Order of the Arrow Distinguished Service Award

Background

The Distinguished Service Award was created in 1940 to honor those who rendered service to the Order of the Arrow beyond the lodge level. Since the time of the first awards given in 1940, approximately 500 Distinguished Service Awards have been presented.

Purpose

The National Order of the Arrow committee presents the Distinguished Service Award to those Arrowmen who have rendered outstanding service to the Order on a sectional, area, regional, or national basis. It is given primarily for dedicated service to the Order and Scouting over a period of years. Only a limited number of awards can be presented. Arrowmen whose service records are the most outstanding and extend the farthest beyond the local lodge level are usually selected. Young men under 21 and adults (volunteer and professional) are eligible for nomination. Nominations will not be accepted or considered for posthumous awards.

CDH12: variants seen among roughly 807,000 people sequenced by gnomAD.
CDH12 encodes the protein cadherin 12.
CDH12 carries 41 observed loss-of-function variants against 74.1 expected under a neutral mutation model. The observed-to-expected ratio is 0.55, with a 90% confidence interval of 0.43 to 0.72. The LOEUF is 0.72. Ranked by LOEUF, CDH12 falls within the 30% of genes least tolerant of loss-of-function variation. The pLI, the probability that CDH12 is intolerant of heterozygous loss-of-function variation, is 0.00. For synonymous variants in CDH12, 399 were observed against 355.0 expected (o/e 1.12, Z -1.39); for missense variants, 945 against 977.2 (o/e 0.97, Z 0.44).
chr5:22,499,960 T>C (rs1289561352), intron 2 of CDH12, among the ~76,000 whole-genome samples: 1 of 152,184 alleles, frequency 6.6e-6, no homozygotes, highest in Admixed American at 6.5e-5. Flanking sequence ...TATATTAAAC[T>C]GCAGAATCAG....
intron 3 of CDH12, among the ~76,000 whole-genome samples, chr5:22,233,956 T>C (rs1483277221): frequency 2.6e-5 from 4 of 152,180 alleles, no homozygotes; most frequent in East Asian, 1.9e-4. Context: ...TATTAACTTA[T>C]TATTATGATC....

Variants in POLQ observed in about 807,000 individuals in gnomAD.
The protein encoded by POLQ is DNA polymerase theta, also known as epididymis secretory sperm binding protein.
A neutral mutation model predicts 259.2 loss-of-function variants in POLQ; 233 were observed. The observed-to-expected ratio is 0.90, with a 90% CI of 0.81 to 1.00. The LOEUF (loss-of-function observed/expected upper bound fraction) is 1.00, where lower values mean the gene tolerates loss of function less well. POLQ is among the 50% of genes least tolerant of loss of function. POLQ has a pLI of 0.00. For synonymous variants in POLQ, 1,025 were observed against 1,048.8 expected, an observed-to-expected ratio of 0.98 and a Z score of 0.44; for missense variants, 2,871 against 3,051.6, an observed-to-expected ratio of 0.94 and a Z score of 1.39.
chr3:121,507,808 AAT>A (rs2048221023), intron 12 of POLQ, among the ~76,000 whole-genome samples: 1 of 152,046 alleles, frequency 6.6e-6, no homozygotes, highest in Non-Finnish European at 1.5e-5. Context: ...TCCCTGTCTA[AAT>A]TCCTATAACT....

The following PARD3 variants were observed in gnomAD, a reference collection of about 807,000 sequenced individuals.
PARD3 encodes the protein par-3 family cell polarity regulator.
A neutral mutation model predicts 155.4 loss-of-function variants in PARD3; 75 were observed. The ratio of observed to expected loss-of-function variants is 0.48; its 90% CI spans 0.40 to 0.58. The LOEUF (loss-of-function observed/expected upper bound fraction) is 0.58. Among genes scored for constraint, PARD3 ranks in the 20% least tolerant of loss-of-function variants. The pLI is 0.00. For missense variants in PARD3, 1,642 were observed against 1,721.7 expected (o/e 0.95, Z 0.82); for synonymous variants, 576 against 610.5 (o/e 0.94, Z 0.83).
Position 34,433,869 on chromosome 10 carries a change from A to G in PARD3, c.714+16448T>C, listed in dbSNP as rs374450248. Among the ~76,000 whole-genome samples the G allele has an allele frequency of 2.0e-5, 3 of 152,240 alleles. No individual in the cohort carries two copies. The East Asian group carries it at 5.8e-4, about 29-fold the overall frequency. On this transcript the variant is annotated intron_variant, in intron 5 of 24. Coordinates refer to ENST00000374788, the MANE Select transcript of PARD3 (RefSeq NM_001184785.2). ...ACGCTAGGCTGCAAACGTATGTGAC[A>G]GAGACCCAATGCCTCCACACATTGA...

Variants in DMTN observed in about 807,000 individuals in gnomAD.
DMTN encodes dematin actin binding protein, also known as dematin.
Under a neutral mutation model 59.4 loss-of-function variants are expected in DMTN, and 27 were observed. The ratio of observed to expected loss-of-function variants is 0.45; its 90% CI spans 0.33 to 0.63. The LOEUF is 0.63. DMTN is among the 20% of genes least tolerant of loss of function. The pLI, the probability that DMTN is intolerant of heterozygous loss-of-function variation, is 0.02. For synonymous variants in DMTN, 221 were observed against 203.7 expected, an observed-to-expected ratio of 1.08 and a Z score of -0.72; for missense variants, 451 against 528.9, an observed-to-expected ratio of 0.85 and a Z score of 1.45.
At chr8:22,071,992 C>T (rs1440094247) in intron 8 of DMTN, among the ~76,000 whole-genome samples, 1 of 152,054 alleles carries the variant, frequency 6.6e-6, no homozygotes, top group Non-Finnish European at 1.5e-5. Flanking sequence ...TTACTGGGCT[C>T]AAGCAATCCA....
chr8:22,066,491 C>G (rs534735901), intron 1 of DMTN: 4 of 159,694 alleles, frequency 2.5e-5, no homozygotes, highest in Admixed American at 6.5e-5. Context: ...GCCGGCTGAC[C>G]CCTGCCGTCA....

Nominations

Nominations are open to both youth and adult, and must be made on form No. 24-201. Nominations must be approved by the Lodge Chief, Lodge Advisor, Council Scout Executive, who then forwards the application to the Region OA Chairman or staff Advisor. If the region concurs, the nomination is sent to the National Office. Nominations must be received by the OA Director prior to February 1 of each national conference year.

The Award

The actual award is a sterling silver arrowhead, bearing an arrow pointing upward and to the wearer's right, suspended from a white neck-ribbon upon which are embroidered red arrows. A picture of the award is below. Presentation of the award is limited. The white on red square knot badge shown above is worn on the uniform to identify recipients.